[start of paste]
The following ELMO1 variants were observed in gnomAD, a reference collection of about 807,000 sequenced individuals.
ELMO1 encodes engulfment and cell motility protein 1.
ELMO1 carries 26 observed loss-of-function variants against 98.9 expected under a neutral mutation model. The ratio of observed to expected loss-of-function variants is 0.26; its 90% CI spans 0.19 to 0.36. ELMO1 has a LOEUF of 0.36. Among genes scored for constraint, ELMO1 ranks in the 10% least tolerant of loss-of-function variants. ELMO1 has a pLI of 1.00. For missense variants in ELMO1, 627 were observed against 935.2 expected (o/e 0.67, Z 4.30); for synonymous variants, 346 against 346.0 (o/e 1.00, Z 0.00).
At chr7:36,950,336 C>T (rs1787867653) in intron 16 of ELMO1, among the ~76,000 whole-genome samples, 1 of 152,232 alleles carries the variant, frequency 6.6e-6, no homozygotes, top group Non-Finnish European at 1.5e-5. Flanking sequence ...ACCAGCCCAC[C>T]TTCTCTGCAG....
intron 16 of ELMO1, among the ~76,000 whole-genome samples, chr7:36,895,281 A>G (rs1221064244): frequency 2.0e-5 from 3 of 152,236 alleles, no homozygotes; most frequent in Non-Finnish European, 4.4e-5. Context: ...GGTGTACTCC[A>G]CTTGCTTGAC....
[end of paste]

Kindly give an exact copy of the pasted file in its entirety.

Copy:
The following ELMO1 variants were observed in gnomAD, a reference collection of about 807,000 sequenced individuals.
ELMO1 encodes engulfment and cell motility protein 1.
ELMO1 carries 26 observed loss-of-function variants against 98.9 expected under a neutral mutation model. The ratio of observed to expected loss-of-function variants is 0.26; its 90% CI spans 0.19 to 0.36. ELMO1 has a LOEUF of 0.36. Among genes scored for constraint, ELMO1 ranks in the 10% least tolerant of loss-of-function variants. ELMO1 has a pLI of 1.00. For missense variants in ELMO1, 627 were observed against 935.2 expected (o/e 0.67, Z 4.30); for synonymous variants, 346 against 346.0 (o/e 1.00, Z 0.00).
At chr7:36,950,336 C>T (rs1787867653) in intron 16 of ELMO1, among the ~76,000 whole-genome samples, 1 of 152,232 alleles carries the variant, frequency 6.6e-6, no homozygotes, top group Non-Finnish European at 1.5e-5. Flanking sequence ...ACCAGCCCAC[C>T]TTCTCTGCAG....
intron 16 of ELMO1, among the ~76,000 whole-genome samples, chr7:36,895,281 A>G (rs1221064244): frequency 2.0e-5 from 3 of 152,236 alleles, no homozygotes; most frequent in Non-Finnish European, 4.4e-5. Context: ...GGTGTACTCC[A>G]CTTGCTTGAC....